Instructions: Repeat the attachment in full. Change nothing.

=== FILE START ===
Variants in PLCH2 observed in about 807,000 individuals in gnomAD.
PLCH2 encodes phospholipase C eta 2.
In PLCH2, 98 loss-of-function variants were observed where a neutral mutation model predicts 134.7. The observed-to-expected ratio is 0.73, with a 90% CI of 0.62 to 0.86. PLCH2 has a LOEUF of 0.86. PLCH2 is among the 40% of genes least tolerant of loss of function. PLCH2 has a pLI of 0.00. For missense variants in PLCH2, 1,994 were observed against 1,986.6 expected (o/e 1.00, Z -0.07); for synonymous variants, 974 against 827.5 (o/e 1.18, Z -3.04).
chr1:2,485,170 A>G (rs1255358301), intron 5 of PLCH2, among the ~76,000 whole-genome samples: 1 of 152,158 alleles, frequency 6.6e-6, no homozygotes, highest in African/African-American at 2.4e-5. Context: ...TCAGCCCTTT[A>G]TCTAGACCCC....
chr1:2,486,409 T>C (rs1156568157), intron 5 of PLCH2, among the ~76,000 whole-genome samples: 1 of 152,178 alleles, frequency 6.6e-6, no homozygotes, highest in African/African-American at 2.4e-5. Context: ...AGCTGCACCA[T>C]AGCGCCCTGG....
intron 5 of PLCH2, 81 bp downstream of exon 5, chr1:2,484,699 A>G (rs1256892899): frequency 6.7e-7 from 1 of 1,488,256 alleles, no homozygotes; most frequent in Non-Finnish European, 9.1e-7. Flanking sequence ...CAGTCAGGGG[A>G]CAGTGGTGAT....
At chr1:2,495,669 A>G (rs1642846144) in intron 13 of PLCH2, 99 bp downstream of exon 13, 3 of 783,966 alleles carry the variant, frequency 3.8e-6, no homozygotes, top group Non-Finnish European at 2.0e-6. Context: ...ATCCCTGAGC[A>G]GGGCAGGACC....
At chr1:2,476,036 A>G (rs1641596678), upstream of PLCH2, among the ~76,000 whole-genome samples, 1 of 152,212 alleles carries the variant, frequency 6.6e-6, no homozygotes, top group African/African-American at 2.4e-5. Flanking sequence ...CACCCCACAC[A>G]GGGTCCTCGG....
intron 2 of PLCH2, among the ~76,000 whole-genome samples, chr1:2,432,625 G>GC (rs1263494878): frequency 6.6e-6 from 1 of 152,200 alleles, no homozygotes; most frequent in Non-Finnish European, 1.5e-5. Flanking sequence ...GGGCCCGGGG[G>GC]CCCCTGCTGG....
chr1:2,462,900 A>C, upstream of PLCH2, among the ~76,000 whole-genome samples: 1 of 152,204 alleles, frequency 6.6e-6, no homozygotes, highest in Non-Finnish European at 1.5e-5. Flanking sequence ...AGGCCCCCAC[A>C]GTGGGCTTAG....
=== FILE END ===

Variants in PLCH2 observed in about 807,000 individuals in gnomAD.
PLCH2 encodes phospholipase C eta 2.
In PLCH2, 98 loss-of-function variants were observed where a neutral mutation model predicts 134.7. The observed-to-expected ratio is 0.73, with a 90% CI of 0.62 to 0.86. PLCH2 has a LOEUF of 0.86. PLCH2 is among the 40% of genes least tolerant of loss of function. PLCH2 has a pLI of 0.00. For missense variants in PLCH2, 1,994 were observed against 1,986.6 expected (o/e 1.00, Z -0.07); for synonymous variants, 974 against 827.5 (o/e 1.18, Z -3.04).
chr1:2,485,170 A>G (rs1255358301), intron 5 of PLCH2, among the ~76,000 whole-genome samples: 1 of 152,158 alleles, frequency 6.6e-6, no homozygotes, highest in African/African-American at 2.4e-5. Context: ...TCAGCCCTTT[A>G]TCTAGACCCC....
chr1:2,486,409 T>C (rs1156568157), intron 5 of PLCH2, among the ~76,000 whole-genome samples: 1 of 152,178 alleles, frequency 6.6e-6, no homozygotes, highest in African/African-American at 2.4e-5. Context: ...AGCTGCACCA[T>C]AGCGCCCTGG....
intron 5 of PLCH2, 81 bp downstream of exon 5, chr1:2,484,699 A>G (rs1256892899): frequency 6.7e-7 from 1 of 1,488,256 alleles, no homozygotes; most frequent in Non-Finnish European, 9.1e-7. Flanking sequence ...CAGTCAGGGG[A>G]CAGTGGTGAT....
At chr1:2,495,669 A>G (rs1642846144) in intron 13 of PLCH2, 99 bp downstream of exon 13, 3 of 783,966 alleles carry the variant, frequency 3.8e-6, no homozygotes, top group Non-Finnish European at 2.0e-6. Context: ...ATCCCTGAGC[A>G]GGGCAGGACC....
At chr1:2,476,036 A>G (rs1641596678), upstream of PLCH2, among the ~76,000 whole-genome samples, 1 of 152,212 alleles carries the variant, frequency 6.6e-6, no homozygotes, top group African/African-American at 2.4e-5. Flanking sequence ...CACCCCACAC[A>G]GGGTCCTCGG....
intron 2 of PLCH2, among the ~76,000 whole-genome samples, chr1:2,432,625 G>GC (rs1263494878): frequency 6.6e-6 from 1 of 152,200 alleles, no homozygotes; most frequent in Non-Finnish European, 1.5e-5. Flanking sequence ...GGGCCCGGGG[G>GC]CCCCTGCTGG....
chr1:2,462,900 A>C, upstream of PLCH2, among the ~76,000 whole-genome samples: 1 of 152,204 alleles, frequency 6.6e-6, no homozygotes, highest in Non-Finnish European at 1.5e-5. Flanking sequence ...AGGCCCCCAC[A>C]GTGGGCTTAG....